"This is not a book you should be reading," I kept thinking, "this is not a proper book. There is too much sex and too many adjectives. There's too much information about how attractive and tortured the female characters are, and they spend too much time mooning over men, and it is not sitting well with your feminist principles. And where is the Po-Mo  man-against-the-system stuff? Even the Hunger Games was dystopian! This is just TRASH!"

Relieved to finish on Thursday, I lined up Anna Karenina in plain sight, ready to leap for it the minute the last page was done. Of course, I couldn't resist thanking my nice gym lady for being so thoughtful. "You can't put them down, can you?" she said. "No," I said, weakly, "I couldn't stop." "I'll just pop home and get you another," she said.

Tolstoy remains unbothered. I am now reading this, at light-speed, and not talking to anybody:

There's no hope for me.

Friday, 6 April 2012

First Dance Friday: Sparklehorse

All the Buddhist stuff about living in the moment is totally beyond me. Why enjoy the present when you can worry yourself to death about what's around the corner?

So although I can honestly say I'm not a girl who had my wedding planned out, I would be lying if I said I'd never thought about mine and Sam's first dance before we got engaged. I thought about it all the time, and worried about the fact that we didn't have a song. You know, an Our Song. Apart from Pump Up The Jam, by Technotronic.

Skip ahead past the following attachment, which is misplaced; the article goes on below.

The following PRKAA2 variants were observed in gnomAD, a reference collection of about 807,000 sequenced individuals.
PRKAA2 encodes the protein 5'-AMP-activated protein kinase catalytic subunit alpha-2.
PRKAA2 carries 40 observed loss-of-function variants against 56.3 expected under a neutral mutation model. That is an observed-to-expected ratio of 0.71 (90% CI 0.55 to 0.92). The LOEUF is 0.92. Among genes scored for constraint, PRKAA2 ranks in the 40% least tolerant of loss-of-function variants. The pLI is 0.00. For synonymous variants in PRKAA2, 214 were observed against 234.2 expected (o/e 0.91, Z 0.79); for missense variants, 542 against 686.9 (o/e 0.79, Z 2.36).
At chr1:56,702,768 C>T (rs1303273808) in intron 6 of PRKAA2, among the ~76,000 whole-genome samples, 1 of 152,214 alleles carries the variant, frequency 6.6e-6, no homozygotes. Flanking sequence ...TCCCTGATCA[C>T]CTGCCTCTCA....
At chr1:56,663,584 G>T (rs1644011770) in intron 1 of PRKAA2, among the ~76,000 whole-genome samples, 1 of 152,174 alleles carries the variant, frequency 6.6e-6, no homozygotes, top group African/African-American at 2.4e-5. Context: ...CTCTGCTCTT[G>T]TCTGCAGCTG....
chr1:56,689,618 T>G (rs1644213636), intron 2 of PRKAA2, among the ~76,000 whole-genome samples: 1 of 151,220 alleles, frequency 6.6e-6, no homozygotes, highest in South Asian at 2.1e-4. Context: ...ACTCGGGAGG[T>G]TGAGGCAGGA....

My answer to this was to drip-feed Sam mix CDs with amazing slow, cute songs tucked in with the party tunes, in the hope that he would love one of them and it would magically become Our Song. Of course, my plan failed. He would always skip forward to something like "On Our Own" by Bobby Brown (the theme from Ghostbusters 2) and then we would do the rap together (too hot to handle/too cold to hold/ they're called the Ghostbusters/ and they're in control) and yet again we would have another Our Song that was wildly inappropriate for a first dance.

I wrote a post about the Todd Rundgren song I snuck on.  Here is another:

I like it because of the "You are a car/ you are a hospital" nonsense lyrics, which is sort of what Sam talks like. Sometimes he says that sort of thing to the cats "hello little horsies, galloping through the forest!" and it's vaguely ridiculous and also contagious to the point where we no longer refer to anything by its proper name any more. I also like this song, because it is completely beautiful. And it's also very short (which is the number one thing to look for in a first dance song - you will only feel an idiot dancing to the extended version of Free Bird while everyone gawps at you wondering when the flashmob starts).